Appalachia’s Dried String Beans Offer ‘Ultra-Umami’
BY JONATHAN AMMONS | PHOTOS BY ERIN ADAMS
Making the bounty of a summer garden last through winter usually involves Mason jars and a water bath. In Appalachia, however, preserving food has often meant not just canning but also drying—and this is especially true of beans.
One of the more unusual methods involves drying string beans in the pod to create leather britches, also known as shuck or shucky beans. The dried beans may look as shriveled as an old shoe, but once cooked with water and a little pork, their flavor is astonishing. A couple of locals share memories of leather britches and techniques for drying.
Minnie Powell , a Mitchell County native who now works as a paralegal in Burnsville, grew up eating leather britches made by her grandmother, Minnie Yelton, who died in 1990.
“Mammaw had twelve children, and I was the only grandchild named after her, so I’ve always been fascinated by everything she did. She died when she was 85, and she raised her last big garden when she was in her early eighties. She grew all kinds of varieties of beans, but for drying she used a bean called pink tips. The pod would be a creamy color—they were a wax bean—and the ends would turn pink when they were ripe.
After she picked them, she would break the tip off each end, and take the strings off. Then she would take a large sewing needle with a big eye, and a strong thread—I can remember the big spool—and she would take it through the center of each bean pod. She would push each bean down until it was close but not touching the next bean, because they dried better if they weren’t touching. Each string was maybe two or three feet long, just where she could hold either end with her arms outstretched—and she was only five feet tall, so her arm span was not that long.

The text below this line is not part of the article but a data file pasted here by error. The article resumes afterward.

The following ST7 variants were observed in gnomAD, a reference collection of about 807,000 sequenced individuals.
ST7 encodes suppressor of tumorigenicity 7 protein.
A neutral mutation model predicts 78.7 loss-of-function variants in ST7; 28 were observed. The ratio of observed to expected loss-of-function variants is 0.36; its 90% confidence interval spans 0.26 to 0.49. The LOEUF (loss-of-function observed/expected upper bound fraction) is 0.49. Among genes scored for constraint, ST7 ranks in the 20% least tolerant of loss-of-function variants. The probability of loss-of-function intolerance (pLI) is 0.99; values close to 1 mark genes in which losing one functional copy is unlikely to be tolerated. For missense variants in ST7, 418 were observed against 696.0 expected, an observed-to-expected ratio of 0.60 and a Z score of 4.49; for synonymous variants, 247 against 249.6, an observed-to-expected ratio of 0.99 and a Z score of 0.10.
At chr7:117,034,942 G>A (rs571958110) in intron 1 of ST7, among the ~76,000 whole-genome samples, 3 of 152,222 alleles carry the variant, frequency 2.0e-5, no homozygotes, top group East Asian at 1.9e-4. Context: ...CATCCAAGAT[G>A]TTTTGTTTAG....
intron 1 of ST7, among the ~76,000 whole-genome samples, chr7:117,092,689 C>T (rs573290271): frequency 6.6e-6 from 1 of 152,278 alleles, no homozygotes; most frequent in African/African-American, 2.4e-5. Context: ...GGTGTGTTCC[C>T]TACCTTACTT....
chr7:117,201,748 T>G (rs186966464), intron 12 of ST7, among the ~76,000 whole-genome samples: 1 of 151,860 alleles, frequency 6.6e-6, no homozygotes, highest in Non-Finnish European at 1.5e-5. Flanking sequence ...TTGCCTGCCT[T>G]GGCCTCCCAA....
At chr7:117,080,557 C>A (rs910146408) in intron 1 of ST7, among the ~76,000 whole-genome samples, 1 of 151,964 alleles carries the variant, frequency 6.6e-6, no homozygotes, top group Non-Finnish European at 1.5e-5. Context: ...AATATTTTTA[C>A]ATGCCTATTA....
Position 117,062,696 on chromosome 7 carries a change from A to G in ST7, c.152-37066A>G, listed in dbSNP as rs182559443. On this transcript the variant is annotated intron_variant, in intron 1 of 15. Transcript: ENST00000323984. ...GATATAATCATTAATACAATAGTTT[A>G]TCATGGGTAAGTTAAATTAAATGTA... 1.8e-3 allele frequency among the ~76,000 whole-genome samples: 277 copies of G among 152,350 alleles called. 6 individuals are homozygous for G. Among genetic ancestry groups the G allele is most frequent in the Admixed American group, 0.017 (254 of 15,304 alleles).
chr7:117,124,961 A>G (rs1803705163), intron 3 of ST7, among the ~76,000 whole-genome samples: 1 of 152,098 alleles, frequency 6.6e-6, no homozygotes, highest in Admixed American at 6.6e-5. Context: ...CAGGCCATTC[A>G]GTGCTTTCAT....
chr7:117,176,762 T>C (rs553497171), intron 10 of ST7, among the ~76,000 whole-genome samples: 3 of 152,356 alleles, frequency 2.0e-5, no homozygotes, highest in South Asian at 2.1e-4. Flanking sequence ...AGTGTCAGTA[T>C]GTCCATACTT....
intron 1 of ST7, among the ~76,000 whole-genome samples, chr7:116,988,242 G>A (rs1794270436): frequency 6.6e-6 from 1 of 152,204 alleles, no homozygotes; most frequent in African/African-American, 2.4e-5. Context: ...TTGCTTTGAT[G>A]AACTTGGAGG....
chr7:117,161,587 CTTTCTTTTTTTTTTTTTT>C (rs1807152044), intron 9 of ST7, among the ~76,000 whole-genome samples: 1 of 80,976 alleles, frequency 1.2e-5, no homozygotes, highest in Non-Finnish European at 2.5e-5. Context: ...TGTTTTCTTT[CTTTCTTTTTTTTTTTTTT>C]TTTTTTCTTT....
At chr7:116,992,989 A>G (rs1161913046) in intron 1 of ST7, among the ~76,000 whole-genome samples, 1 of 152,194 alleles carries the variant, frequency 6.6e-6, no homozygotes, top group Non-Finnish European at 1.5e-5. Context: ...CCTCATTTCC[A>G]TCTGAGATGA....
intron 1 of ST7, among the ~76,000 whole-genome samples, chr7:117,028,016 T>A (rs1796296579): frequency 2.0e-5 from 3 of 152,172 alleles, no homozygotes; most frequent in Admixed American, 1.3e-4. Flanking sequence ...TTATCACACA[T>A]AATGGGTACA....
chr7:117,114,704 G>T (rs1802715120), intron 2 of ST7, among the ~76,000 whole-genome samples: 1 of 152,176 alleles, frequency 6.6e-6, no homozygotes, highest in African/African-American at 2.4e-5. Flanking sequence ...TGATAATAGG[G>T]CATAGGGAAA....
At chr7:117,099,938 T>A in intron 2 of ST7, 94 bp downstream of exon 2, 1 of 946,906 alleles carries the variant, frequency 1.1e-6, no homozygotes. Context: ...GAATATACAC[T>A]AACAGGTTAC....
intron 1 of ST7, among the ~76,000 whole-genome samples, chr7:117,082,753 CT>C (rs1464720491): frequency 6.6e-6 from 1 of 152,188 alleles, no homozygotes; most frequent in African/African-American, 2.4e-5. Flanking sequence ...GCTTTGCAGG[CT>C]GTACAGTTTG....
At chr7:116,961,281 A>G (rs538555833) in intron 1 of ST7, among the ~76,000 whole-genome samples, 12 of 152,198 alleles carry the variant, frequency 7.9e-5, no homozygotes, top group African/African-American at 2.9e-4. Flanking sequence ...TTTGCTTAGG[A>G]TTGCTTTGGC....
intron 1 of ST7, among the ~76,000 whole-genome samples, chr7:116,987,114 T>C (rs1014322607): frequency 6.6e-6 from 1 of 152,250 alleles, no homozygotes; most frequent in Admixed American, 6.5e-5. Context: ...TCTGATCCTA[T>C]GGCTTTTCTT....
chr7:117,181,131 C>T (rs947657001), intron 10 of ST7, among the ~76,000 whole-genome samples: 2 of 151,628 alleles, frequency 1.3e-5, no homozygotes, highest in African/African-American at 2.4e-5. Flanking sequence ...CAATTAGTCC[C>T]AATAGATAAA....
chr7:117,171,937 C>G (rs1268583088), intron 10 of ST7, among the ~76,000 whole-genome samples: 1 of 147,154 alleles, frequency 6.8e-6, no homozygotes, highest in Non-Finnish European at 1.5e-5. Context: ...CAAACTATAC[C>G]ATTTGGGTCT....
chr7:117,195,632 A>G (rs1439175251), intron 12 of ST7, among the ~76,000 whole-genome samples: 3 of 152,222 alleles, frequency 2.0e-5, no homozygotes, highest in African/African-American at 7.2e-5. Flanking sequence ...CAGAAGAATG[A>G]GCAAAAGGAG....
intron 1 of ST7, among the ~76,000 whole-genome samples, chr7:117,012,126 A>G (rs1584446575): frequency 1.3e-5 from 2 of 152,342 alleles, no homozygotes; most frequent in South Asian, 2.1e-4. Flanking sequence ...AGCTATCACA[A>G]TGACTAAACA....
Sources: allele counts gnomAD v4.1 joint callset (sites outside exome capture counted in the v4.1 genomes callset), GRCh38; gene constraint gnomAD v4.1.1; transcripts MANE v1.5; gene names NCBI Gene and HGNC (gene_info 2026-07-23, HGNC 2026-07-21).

She had nails driven into the wall behind her wood stove, and she would hang the strings from the nails. When they were dry enough—I think it took a few weeks—she would slide the beans off the string into a brown paper bag. They shriveled up and turned brown, and they looked like cured leather.
She also canned, but drying meant you didn’t have to use as many jars—jars were pretty pricey. And canned green beans are totally different. It’s not like you’re eating green beans when you’re eating leather britches. She would take them out of the bag and put them in a pot with water and salt and a piece of pork called middlin’ (my grandpa raised the hogs and cured the meat). And she would cook them a long time, for hours. You know how if you overcook green beans they get mushy? Leather britches would get soft, but they were still chewy. It makes me hungry just thinking about them!”
Minnie Powell, above, grew up in Mitchell County stringing leather britches with her grandmother, Minnie Yelton.
Elliott Moss , owner and chef at Buxton Hall Barbecue in Asheville, dries leather britches above his smokers.
“When we first opened, I was trying to figure out how to use the smoke as much as possible. I’d heard about leather britches and how they would hang them above wood stoves to preserve them for the winter. It took hours for them to string all these up, but that’s just something I had the late night guys do while they were sitting here shoveling coals.
You can use all kinds of beans, but I really like the fatter, wide beans. We usually let them dry for about two weeks above the smokers. It’s almost like an art installation because people are always like, ‘What are those?’
When we pull the hogs, we save all the hog bones and make this smoky pork stock. We cook the dried beans in that and some of our vinegar BBQ sauce, so it’s ultra-umami. It takes a couple hours, but for us that’s not very long. They’re called leather britches for a reason—they’re a little leathery, and they have a little pull to them. Some people don’t like it, but I love the way it smells—smoky and musty, and that flavor comes through when they’re cooked.”
Elliott Moss, above, dries leather britches at Buxton Hall Barbecue but serves them only at special events.